Kohli's men sow seeds of invincibility

The present Indian side believes in a process instead of getting carried away by a series win or reclaiming the World No. 1 status. For a young leader like Kohli, consistency over a long period has a bigger appeal than minor gains.

Virat Kohli understands the urgency of keeping alive the interest of the spectators in Test cricket to enable the longer version live longer.   -  K. R. Deepak

India's unbeaten streak at home of 12 Tests must be a statistical delight for an average cricket fan. It may well be the unfolding of a story of invincibility, which Virat Kohli and his men are keen to script over the next few years.

With India playing 13 home Test matches, against New Zealand, England, Australia and Bangladesh, in the 2016-17 season, the team – following Kohli’s ideology of trying to win every match – may end up rewriting records.

The Indian team has got the hunger and the ability to achieve the high pedestal where the West Indies in the 1970s and 80s and Australia in the 1990s and 2000s had perched themselves. The present Indian side believes in a process instead of getting carried away by a series win or reclaiming the World No. 1 status. For a young leader like Kohli, consistency over a long period has a bigger appeal than minor gains.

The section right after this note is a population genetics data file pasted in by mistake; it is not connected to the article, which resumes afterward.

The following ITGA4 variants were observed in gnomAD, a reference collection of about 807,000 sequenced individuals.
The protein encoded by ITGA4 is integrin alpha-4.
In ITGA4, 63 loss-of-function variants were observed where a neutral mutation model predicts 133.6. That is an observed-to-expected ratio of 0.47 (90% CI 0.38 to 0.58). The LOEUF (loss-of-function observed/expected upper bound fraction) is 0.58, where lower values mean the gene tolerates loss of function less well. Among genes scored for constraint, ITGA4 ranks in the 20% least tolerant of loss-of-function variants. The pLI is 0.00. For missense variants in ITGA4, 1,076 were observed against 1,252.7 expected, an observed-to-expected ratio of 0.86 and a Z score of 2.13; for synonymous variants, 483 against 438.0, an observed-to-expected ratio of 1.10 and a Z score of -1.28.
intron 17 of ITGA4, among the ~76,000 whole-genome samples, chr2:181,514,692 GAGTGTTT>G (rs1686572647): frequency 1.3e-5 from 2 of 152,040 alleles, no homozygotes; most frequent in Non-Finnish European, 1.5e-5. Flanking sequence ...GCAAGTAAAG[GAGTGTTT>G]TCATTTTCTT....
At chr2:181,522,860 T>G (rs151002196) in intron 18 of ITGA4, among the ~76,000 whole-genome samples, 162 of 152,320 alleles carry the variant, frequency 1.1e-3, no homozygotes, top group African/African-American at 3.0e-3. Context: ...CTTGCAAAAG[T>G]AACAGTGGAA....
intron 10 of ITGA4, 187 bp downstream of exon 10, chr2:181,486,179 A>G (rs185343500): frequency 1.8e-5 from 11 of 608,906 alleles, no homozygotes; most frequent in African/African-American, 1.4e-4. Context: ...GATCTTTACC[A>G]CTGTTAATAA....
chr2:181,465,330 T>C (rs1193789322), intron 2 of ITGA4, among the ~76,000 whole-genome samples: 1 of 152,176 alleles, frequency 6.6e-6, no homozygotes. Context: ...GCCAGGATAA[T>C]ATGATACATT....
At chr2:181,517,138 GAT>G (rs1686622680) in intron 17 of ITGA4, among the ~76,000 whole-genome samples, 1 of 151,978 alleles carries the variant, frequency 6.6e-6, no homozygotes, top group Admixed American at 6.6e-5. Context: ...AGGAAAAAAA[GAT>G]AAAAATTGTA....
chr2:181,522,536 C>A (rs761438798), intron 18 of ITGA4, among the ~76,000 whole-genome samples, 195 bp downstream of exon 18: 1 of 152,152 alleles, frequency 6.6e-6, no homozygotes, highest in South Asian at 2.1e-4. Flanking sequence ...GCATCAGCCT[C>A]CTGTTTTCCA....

Leading by example

Congregation of minor gains make a dazzling legacy of cricketing glory. For Kohli, the team’s interest is bigger than any personal interest, and collective achievement is more fulfilling than individual accomplishments.

Kohli practices what he preaches. He is happy contributing a crucial 45 in the winning cause in the second Test here. Of course, he wishes to play big knocks but that is not his sole goal as a player.

As a true ambassador of the game, he understands the urgency of keeping alive spectators’ interest in Test cricket to enable the longer version live longer. His team has got a golden opportunity to do so by playing an extended set of games on home turf.

The Indian side is able on all fronts – batting, bowling (both pace and spin departments) and fielding. It has shown character and skill and produced some fascinating duels in the first two Tests against New Zealand to attract spectators in Kanpur and Kolkata.

This should inspire fans to throng the grounds at smaller centres, where the Indian Cricket Board (BCCI) wants to conduct Test matches, and connect to an interactive leader and his brigade.

Kohli and his men are also keen to break the barrier.

India has always found trouble while playing in England, Australia and South Africa. It is an “emotional issue” for Kohli. But his team has the right approach to turn around India’s abysmal record as a touring side. Overall, Kohli and Co. are doing a world of good to the game’s health when the BCCI is entangled in a legal mess because of issues surrounding administrative reforms suggested by the Lodha Committee.

If Kohli’s side continues on its pursuit of excellence, we may see the golden age of Indian cricket in the years to come.